On the basis of calculations of energy use associated with traversing sloped terrain by such large animals, the researchers found that this behavior is likely related to the fact that even minor hills represent a considerable energy barrier for elephants because of the added calorie consumption required for such movements. The findings are reported by Fritz Vollrath of the University of Oxford and elephant experts Jake Wall and Iain Douglas-Hamilton of Save the Elephants, and appear in the July 25th issue of Current Biology, published by Cell Press.
Understanding the factors that determine locations of elephant density hot-spots and use corridors is critical in helping to secure safe niches for elephants in the face of growing human encroachment on elephants' native habitat. In their study of elephant movements, the authors focused on the Samburu/Isiolo/Laikipia districts in northern Kenya, which represent an area of about 32,000 square kilometers of mostly unprotected habitat. This range is home to about 5,400 elephants.
In the course of studying the influences of a range of environmental factors on elephant movement, the authors found that elephant density dropped off significantly with increasing hill slopes. While this effect may well involve such factors as risks of injury and overheating, or lack of water, the authors' calculations of the energy required for elephants to traverse sloped terrain indicate that the energetic costs of such movement could be a main factor influencing this behavioral tendency. For example, the authors calculate that climbing 100 meters would "burn" energy that would take an extra half hour of foraging to replace--or would need to be paid for by expenditure of body reserves. In light of their calculations, the authors point out in the paper that "clearly, climbing is something that an elephant should not do lightly, but should weigh very carefully."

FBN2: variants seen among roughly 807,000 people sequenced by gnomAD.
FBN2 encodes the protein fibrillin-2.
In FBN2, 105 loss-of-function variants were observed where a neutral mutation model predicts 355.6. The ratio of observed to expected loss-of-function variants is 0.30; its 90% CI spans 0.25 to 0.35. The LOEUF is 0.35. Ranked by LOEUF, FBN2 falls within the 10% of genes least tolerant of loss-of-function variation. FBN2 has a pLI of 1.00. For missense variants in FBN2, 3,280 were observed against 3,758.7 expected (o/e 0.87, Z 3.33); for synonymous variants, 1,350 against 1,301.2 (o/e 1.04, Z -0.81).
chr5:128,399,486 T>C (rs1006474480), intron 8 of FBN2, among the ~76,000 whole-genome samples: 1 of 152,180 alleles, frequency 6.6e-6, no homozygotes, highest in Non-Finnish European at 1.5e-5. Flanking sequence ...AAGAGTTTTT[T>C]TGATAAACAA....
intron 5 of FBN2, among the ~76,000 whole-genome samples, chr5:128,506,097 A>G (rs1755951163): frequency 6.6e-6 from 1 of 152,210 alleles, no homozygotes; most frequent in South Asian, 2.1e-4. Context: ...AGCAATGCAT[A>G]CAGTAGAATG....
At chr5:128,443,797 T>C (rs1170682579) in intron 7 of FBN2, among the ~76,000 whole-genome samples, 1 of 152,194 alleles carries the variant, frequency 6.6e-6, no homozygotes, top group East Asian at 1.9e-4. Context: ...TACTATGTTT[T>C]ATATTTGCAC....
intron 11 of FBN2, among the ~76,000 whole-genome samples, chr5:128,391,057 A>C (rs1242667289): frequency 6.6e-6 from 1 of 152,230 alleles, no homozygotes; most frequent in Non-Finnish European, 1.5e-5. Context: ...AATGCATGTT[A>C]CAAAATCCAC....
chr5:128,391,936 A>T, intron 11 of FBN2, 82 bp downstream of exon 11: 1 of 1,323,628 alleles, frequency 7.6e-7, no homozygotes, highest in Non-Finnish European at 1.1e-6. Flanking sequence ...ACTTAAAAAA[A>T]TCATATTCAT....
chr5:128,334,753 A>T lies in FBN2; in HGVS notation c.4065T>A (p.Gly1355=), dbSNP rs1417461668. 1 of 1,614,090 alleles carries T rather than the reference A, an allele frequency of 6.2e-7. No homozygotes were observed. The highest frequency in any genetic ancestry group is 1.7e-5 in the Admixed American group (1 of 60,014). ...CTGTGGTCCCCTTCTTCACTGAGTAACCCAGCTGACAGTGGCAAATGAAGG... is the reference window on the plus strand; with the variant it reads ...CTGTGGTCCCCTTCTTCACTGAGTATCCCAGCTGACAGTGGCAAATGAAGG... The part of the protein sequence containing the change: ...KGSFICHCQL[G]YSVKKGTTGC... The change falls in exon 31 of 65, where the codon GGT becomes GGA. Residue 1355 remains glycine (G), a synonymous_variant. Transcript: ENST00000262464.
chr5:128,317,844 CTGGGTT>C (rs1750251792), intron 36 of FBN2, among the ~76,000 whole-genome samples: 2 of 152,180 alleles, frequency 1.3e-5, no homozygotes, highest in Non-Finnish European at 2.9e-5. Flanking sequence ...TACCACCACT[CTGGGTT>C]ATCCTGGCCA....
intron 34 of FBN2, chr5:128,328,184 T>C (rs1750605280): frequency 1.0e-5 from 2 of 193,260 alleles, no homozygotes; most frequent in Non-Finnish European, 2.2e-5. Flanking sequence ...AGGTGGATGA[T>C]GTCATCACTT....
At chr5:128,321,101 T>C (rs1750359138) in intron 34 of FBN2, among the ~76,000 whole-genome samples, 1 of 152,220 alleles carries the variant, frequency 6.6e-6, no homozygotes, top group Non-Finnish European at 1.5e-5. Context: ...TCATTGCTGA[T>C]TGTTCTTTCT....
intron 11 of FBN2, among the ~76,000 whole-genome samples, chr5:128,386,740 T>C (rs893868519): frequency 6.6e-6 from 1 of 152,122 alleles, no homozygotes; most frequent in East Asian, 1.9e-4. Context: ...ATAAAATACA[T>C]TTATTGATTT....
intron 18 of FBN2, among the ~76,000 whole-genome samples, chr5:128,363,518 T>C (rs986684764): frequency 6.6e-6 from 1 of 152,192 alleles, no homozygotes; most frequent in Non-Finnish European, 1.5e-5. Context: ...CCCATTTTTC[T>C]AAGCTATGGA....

On the basis of their findings, the authors suggest that large animals probably take a rather different view of their surroundings than do lightweight animals, and that this is probably especially true of heavyweight animals, like elephants, that are herbivores, for whom energy replenishment can be especially time consuming.
Successful calculation of human and natural influence on cloud formation
04.11.2016 | Goethe-Universität Frankfurt am Main
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04.10.2016 | University of Adelaide
In recent years, lasers with ultrashort pulses (USP) down to the femtosecond range have become established on an industrial scale. They could advance some applications with the much-lauded “cold ablation” – if that meant they would then achieve more throughput. A new generation of process engineering that will address this issue in particular will be discussed at the “4th UKP Workshop – Ultrafast Laser Technology” in April 2017.
Even back in the 1990s, scientists were comparing materials processing with nanosecond, picosecond and femtosesecond pulses. The result was surprising:...
Have you ever wondered how you see the world? Vision is about photons of light, which are packets of energy, interacting with the atoms or molecules in what...
A multi-institutional research collaboration has created a novel approach for fabricating three-dimensional micro-optics through the shape-defined formation of porous silicon (PSi), with broad impacts in integrated optoelectronics, imaging, and photovoltaics.
Working with colleagues at Stanford and The Dow Chemical Company, researchers at the University of Illinois at Urbana-Champaign fabricated 3-D birefringent...
In experiments with magnetic atoms conducted at extremely low temperatures, scientists have demonstrated a unique phase of matter: The atoms form a new type of quantum liquid or quantum droplet state. These so called quantum droplets may preserve their form in absence of external confinement because of quantum effects. The joint team of experimental physicists from Innsbruck and theoretical physicists from Hannover report on their findings in the journal Physical Review X.
“Our Quantum droplets are in the gas phase but they still drop like a rock,” explains experimental physicist Francesca Ferlaino when talking about the...
The Max Planck Institute for Physics (MPP) is opening up a new research field. A workshop from November 21 - 22, 2016 will mark the start of activities for an innovative axion experiment. Axions are still only purely hypothetical particles. Their detection could solve two fundamental problems in particle physics: What dark matter consists of and why it has not yet been possible to directly observe a CP violation for the strong interaction.
The “MADMAX” project is the MPP’s commitment to axion research. Axions are so far only a theoretical prediction and are difficult to detect: on the one hand,...
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07.12.2016 | Health and Medicine